The Adam Smith Institute is also extoling the importance of the Single Market and that the only viable option is joining the European Economic Area. Their assumptions depend on the UK having free movement of goods, capital, services and people with the rest of Europe.
A recent event by NIESR on the economic impact of leaving offered a variety of perspectives;
NIESR themselves have warned that should we leave, there will be a “significant shock to the UK economy”including reducing GDP by 1% in 2017 and nearly 8% by 2030; drop in Sterling immediate depreciation by 20%, reduction in trade and Foreign Direct investment, fall in wages and consumption, dropping by up to 9%. They use their economic model to develop scenarios, driven by the same assumption that uncertainty will intensify. Their detailed analysis however highlights the complexity of predicting something we have no real past benchmarking, trend or equivalent for.
The Centre for Economic Performance (CEP) has also argued that leaving would have a negative effect on FDI, making the assumption that leaving the EU would lower trade between the UK and the EU because of higher tariff and non-tariff barriers to trade. They also argue that income would fall, which would offset any money saved through the initial net benefit from not contributing to the EU budget.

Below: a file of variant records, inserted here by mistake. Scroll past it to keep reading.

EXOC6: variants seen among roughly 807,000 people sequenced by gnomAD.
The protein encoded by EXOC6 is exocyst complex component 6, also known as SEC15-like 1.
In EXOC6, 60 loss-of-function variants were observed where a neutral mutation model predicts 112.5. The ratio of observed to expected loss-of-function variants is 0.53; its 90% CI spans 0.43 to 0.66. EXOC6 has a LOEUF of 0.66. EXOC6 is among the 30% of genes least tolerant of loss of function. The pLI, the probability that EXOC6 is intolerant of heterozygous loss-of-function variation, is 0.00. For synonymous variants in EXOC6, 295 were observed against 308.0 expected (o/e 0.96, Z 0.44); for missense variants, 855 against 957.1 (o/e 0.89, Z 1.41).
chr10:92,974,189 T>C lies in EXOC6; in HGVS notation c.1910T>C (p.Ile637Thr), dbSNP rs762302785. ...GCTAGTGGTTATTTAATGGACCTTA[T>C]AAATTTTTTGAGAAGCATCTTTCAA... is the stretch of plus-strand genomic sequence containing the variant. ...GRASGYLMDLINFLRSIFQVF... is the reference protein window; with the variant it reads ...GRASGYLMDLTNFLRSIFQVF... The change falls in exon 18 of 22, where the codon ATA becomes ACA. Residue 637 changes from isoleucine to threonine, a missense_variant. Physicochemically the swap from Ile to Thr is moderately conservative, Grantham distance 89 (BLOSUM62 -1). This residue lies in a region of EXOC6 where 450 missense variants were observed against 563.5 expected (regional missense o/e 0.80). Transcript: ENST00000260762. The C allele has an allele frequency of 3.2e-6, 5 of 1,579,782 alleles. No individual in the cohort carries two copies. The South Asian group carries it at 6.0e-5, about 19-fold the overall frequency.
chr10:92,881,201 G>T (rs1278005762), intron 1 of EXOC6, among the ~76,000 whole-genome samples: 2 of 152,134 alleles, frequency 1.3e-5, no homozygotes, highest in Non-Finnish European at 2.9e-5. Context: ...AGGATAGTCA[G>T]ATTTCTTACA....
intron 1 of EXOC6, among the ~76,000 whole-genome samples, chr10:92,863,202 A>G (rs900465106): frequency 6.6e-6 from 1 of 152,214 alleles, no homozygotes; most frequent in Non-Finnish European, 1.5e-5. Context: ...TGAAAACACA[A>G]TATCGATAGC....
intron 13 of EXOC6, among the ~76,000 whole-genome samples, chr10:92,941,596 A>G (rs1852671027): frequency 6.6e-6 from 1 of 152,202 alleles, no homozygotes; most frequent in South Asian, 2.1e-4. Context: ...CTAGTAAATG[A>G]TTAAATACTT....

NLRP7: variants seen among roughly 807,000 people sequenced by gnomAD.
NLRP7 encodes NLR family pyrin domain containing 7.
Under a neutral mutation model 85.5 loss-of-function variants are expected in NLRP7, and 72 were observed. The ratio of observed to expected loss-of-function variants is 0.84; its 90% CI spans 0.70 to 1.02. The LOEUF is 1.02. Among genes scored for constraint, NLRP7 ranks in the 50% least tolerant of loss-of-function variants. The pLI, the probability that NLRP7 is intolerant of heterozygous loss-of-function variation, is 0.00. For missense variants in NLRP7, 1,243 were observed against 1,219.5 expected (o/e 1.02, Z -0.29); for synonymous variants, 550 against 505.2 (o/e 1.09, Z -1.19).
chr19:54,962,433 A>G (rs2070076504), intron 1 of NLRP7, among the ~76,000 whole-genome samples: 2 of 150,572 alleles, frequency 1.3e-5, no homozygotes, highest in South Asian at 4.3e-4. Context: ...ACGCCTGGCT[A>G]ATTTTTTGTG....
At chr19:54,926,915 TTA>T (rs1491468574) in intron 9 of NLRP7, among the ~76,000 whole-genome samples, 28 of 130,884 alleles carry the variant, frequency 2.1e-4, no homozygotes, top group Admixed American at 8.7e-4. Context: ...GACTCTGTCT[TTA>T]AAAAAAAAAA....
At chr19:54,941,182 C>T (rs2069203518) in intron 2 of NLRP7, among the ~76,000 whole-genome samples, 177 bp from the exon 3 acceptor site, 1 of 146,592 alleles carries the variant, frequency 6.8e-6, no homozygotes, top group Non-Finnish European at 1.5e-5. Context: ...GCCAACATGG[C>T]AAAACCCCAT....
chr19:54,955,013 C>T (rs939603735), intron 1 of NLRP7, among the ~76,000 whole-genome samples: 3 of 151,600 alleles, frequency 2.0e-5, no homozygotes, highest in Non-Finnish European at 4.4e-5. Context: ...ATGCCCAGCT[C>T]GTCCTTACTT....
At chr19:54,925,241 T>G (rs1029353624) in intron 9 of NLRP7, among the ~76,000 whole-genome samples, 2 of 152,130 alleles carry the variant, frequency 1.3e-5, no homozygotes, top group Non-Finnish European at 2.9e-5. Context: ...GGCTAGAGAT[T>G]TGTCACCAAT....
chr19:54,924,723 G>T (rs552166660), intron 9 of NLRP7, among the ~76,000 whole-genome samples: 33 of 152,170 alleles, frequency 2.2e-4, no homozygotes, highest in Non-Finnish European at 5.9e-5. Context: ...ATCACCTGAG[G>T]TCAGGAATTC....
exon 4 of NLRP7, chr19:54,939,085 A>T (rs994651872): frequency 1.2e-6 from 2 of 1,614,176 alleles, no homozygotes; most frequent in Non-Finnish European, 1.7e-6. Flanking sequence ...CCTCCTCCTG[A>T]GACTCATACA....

NIESR research suggests a vote to leave the EU could dramatically change immigration and its impact. Work looking at the long term economic impact of a reduction in migration found that a significant reduction would have strong negative effects on the economy, leading to a reduction in GDP and therefore the income take for public finances. To build this scenario they make educated guesses (based on their research) at what the likely reduction in immigration will be, the type of immigration and where this will impact most.